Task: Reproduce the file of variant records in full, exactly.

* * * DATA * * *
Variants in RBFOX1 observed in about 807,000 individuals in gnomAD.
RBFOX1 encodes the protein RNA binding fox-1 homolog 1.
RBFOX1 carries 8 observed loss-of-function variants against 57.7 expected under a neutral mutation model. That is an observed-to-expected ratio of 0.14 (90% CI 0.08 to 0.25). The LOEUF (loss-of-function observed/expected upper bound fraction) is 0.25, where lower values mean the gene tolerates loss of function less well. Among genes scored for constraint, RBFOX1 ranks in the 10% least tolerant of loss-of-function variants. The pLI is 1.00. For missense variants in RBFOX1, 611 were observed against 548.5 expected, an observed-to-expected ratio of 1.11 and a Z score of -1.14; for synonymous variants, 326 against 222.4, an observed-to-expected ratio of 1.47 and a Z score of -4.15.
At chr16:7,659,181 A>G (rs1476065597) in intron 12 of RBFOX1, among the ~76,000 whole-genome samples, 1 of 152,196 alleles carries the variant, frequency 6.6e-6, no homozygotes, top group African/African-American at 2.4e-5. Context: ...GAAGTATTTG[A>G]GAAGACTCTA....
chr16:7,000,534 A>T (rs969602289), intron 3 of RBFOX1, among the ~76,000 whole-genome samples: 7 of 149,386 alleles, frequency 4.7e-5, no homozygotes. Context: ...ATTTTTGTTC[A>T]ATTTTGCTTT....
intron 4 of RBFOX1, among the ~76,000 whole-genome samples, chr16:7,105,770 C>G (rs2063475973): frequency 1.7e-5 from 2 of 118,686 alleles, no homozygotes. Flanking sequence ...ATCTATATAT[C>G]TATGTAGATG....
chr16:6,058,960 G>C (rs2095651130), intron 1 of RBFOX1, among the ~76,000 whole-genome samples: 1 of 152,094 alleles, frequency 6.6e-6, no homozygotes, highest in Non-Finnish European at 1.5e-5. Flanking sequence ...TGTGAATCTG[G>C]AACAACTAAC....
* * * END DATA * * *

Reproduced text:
Variants in RBFOX1 observed in about 807,000 individuals in gnomAD.
RBFOX1 encodes the protein RNA binding fox-1 homolog 1.
RBFOX1 carries 8 observed loss-of-function variants against 57.7 expected under a neutral mutation model. That is an observed-to-expected ratio of 0.14 (90% CI 0.08 to 0.25). The LOEUF (loss-of-function observed/expected upper bound fraction) is 0.25, where lower values mean the gene tolerates loss of function less well. Among genes scored for constraint, RBFOX1 ranks in the 10% least tolerant of loss-of-function variants. The pLI is 1.00. For missense variants in RBFOX1, 611 were observed against 548.5 expected, an observed-to-expected ratio of 1.11 and a Z score of -1.14; for synonymous variants, 326 against 222.4, an observed-to-expected ratio of 1.47 and a Z score of -4.15.
At chr16:7,659,181 A>G (rs1476065597) in intron 12 of RBFOX1, among the ~76,000 whole-genome samples, 1 of 152,196 alleles carries the variant, frequency 6.6e-6, no homozygotes, top group African/African-American at 2.4e-5. Context: ...GAAGTATTTG[A>G]GAAGACTCTA....
chr16:7,000,534 A>T (rs969602289), intron 3 of RBFOX1, among the ~76,000 whole-genome samples: 7 of 149,386 alleles, frequency 4.7e-5, no homozygotes. Context: ...ATTTTTGTTC[A>T]ATTTTGCTTT....
intron 4 of RBFOX1, among the ~76,000 whole-genome samples, chr16:7,105,770 C>G (rs2063475973): frequency 1.7e-5 from 2 of 118,686 alleles, no homozygotes. Flanking sequence ...ATCTATATAT[C>G]TATGTAGATG....
chr16:6,058,960 G>C (rs2095651130), intron 1 of RBFOX1, among the ~76,000 whole-genome samples: 1 of 152,094 alleles, frequency 6.6e-6, no homozygotes, highest in Non-Finnish European at 1.5e-5. Flanking sequence ...TGTGAATCTG[G>C]AACAACTAAC....